I wrote last week that tanning was such a malodorous process that tanneries were usually built beyond a town’s walls. One of the reasons why it was so bad was that this was another process that used urine. It was one of the substances used to remove hair from the leather. The leather was soaked in a vat of urine until the hairs could be scraped off. Thankfully, the later processes removed the smell, but being a tanner could not have been pleasant.

Urine was also used in dying, where it was a mordant: a substance that fixes the dye to the fibre so that it doesn’t wash out. Woad, for example,  was picked, chopped finely and moulded into balls. Once the balls were dry, they were ground into a powder, to which urine was added. The threads were dipped into the resulting mixture, which was green. When they removed from the liquid, they turned blue. The technique is still used today by some people who use natural dyes.

Medicine also made use of urine for diagnosing illnesses. Much as you can tell today from your urine whether you’re hydrated or not, or that you’ve been eating beetroot or asparagus, a medieval physician could learn much from the colour, smell or taste of his patient’s urine. That’s why you knew without thinking too much about it that the monk at the top of the post is a physician. His patients are bringing him flasks of urine for him to make diagnoses. Just as kings are always depicted wearing their crowns in medieval art (even if they’re in bed) so physicians are depicted with urine flasks.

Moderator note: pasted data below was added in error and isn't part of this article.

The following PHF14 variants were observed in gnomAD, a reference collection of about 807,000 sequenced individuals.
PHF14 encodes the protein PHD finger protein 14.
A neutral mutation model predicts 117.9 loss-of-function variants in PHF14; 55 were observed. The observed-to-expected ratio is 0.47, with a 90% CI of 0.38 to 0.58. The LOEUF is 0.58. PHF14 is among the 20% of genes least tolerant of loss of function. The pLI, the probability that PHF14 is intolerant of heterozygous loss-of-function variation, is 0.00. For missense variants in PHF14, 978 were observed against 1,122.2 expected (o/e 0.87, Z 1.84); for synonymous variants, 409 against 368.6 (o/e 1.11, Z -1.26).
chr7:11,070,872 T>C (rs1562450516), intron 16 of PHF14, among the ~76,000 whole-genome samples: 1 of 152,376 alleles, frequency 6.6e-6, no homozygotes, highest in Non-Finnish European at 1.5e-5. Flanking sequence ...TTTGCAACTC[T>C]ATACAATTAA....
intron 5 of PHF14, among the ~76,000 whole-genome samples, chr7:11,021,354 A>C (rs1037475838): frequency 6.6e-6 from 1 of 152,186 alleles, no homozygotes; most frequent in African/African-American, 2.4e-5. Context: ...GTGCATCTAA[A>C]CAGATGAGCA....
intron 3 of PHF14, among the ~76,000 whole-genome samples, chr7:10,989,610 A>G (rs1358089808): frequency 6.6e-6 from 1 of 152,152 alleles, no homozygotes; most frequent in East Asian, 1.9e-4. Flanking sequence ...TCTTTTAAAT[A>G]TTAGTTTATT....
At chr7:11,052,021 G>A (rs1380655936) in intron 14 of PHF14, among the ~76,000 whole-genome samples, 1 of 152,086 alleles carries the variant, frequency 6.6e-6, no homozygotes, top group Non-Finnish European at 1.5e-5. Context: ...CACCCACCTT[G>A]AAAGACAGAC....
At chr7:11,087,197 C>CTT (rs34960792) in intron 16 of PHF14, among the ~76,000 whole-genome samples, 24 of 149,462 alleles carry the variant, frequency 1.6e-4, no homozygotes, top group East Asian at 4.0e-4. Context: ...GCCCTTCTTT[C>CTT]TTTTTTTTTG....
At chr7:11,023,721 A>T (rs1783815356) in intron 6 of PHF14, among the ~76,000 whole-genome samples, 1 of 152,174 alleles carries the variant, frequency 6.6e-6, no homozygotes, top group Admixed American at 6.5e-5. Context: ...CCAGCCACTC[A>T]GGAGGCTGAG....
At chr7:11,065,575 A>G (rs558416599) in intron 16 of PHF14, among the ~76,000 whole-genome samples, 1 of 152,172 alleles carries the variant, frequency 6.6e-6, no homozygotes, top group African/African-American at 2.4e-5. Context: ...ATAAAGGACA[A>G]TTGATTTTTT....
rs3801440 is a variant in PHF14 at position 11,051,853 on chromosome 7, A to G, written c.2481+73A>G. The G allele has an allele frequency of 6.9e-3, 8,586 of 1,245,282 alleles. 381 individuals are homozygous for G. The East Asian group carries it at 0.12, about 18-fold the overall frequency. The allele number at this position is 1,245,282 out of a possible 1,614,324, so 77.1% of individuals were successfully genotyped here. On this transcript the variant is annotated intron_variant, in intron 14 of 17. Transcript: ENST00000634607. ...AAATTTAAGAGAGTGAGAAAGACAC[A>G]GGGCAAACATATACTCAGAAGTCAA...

Last, but by no means least, urine was used in alchemy. In the fourteenth century alchemy was a respectable science and it wasn’t always about turning lead into gold. In this case, however, it was. One path towards turning one metal into another was to turn one metal into the facsimile of another. The theory was that if you could imitate something you would understand more about how to create it.  Urine, specifially urine from a youth, was used in a process to create an imitation of gold. Just in case you want to give it a go, the recipe is one dram of lime and one dram of ground sulphur. They’re mixed together, then the urine is added and the mixture heated. When it looks like blood, it should be filtered. If you dip a piece of silver into the clear liquid, will take on the appearance of gold.

Sources:
Medieval and Early Renaissance Medicine by Nancy G Siraisi
Tudor Monastery Farm by Peter Ginn, Ruth Goodman and Tom Pinfold
The Secrets of Alchemy by Lawrence M. Principe

 

April Munday is the author of the Soldiers of Fortune and Regency Spies series of novels, as well as standalone novels set in the fourteenth century.

Available now: